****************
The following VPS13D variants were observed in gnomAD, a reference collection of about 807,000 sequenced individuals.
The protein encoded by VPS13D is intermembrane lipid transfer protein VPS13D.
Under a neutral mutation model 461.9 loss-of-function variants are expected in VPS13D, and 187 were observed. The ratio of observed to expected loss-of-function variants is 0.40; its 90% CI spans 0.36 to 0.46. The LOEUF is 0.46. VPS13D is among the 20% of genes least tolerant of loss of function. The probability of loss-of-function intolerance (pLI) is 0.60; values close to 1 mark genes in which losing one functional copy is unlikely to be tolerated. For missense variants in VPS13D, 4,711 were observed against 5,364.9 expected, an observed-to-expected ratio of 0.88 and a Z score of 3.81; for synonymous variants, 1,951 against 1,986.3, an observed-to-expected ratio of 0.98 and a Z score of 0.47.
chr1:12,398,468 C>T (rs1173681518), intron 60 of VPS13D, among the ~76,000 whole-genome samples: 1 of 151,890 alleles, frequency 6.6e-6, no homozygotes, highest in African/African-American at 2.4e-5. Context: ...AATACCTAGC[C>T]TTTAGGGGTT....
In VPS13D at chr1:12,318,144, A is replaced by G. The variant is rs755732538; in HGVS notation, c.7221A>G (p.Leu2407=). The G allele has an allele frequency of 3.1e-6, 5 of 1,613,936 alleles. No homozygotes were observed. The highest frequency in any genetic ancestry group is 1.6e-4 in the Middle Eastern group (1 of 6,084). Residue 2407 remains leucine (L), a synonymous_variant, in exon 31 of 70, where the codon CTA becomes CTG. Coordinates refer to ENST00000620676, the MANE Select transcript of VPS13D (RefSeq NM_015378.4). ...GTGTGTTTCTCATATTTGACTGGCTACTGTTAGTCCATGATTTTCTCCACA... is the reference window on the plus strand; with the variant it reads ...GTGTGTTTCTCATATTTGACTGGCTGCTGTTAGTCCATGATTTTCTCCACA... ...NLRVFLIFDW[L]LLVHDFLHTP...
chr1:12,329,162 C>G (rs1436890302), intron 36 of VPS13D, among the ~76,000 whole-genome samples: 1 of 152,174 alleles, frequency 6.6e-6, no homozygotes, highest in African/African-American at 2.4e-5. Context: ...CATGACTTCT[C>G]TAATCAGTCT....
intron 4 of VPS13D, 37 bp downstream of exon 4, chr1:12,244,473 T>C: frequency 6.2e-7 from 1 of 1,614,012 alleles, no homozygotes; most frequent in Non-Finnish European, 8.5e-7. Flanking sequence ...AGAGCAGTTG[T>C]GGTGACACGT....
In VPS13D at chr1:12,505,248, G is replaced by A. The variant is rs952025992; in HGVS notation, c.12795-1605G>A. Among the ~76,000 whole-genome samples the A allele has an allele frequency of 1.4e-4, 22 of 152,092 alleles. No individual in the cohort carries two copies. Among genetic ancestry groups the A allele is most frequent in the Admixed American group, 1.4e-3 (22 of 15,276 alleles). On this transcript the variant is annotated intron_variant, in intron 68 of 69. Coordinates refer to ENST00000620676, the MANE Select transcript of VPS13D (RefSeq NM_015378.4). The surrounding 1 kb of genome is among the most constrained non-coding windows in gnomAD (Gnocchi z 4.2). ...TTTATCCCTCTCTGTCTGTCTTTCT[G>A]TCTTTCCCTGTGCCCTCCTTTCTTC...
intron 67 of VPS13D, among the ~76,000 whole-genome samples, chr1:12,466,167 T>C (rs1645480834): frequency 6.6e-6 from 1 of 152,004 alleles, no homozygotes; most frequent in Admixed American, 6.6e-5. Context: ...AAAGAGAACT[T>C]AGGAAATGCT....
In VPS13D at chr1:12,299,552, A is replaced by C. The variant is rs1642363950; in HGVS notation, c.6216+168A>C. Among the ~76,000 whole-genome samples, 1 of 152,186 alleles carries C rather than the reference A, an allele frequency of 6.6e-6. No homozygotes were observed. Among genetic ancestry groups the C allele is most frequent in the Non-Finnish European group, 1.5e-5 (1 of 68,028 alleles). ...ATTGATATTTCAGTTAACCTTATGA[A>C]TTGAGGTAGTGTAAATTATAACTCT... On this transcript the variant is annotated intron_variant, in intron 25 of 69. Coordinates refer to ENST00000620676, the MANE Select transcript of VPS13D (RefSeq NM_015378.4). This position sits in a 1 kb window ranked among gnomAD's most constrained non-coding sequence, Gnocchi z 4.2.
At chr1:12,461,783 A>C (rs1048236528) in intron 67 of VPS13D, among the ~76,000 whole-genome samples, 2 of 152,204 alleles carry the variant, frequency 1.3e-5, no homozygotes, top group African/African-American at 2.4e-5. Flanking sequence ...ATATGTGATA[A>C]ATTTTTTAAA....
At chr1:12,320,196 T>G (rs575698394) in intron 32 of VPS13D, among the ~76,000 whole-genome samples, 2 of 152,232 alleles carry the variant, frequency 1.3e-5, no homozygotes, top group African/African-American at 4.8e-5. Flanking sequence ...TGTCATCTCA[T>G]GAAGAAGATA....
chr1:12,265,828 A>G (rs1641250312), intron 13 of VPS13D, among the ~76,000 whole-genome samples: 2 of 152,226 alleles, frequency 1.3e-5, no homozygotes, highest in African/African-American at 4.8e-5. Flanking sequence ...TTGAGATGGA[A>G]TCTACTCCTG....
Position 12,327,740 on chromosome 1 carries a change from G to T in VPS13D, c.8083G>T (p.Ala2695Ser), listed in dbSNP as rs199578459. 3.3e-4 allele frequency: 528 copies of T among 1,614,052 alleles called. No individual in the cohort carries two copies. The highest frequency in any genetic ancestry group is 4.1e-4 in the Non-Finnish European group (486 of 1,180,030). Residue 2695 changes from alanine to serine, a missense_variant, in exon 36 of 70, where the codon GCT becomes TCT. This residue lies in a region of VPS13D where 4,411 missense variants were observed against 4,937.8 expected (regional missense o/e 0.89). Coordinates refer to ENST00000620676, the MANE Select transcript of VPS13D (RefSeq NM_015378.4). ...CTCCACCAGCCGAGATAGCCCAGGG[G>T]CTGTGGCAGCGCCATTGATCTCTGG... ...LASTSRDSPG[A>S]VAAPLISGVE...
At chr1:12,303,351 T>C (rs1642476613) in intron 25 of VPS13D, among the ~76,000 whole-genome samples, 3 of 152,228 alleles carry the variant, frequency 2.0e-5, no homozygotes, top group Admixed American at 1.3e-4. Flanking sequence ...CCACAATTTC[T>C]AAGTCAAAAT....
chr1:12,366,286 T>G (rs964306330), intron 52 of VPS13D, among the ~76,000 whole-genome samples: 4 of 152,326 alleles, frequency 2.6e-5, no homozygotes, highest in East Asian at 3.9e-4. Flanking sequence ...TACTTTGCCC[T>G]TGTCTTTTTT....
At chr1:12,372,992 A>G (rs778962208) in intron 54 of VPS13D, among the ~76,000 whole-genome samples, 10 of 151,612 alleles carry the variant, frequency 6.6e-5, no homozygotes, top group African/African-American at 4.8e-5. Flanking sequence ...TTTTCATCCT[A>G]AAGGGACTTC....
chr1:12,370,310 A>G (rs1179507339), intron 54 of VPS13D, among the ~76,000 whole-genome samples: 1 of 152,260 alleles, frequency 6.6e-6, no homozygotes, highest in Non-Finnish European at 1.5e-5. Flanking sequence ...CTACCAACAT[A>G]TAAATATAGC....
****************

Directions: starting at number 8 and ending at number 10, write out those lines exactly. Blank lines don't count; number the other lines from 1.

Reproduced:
In VPS13D at chr1:12,505,248, G is replaced by A. The variant is rs952025992; in HGVS notation, c.12795-1605G>A. Among the ~76,000 whole-genome samples the A allele has an allele frequency of 1.4e-4, 22 of 152,092 alleles. No individual in the cohort carries two copies. Among genetic ancestry groups the A allele is most frequent in the Admixed American group, 1.4e-3 (22 of 15,276 alleles). On this transcript the variant is annotated intron_variant, in intron 68 of 69. Coordinates refer to ENST00000620676, the MANE Select transcript of VPS13D (RefSeq NM_015378.4). The surrounding 1 kb of genome is among the most constrained non-coding windows in gnomAD (Gnocchi z 4.2). ...TTTATCCCTCTCTGTCTGTCTTTCT[G>A]TCTTTCCCTGTGCCCTCCTTTCTTC...
intron 67 of VPS13D, among the ~76,000 whole-genome samples, chr1:12,466,167 T>C (rs1645480834): frequency 6.6e-6 from 1 of 152,004 alleles, no homozygotes; most frequent in Admixed American, 6.6e-5. Context: ...AAAGAGAACT[T>C]AGGAAATGCT....
In VPS13D at chr1:12,299,552, A is replaced by C. The variant is rs1642363950; in HGVS notation, c.6216+168A>C. Among the ~76,000 whole-genome samples, 1 of 152,186 alleles carries C rather than the reference A, an allele frequency of 6.6e-6. No homozygotes were observed. Among genetic ancestry groups the C allele is most frequent in the Non-Finnish European group, 1.5e-5 (1 of 68,028 alleles). ...ATTGATATTTCAGTTAACCTTATGA[A>C]TTGAGGTAGTGTAAATTATAACTCT... On this transcript the variant is annotated intron_variant, in intron 25 of 69. Coordinates refer to ENST00000620676, the MANE Select transcript of VPS13D (RefSeq NM_015378.4). This position sits in a 1 kb window ranked among gnomAD's most constrained non-coding sequence, Gnocchi z 4.2.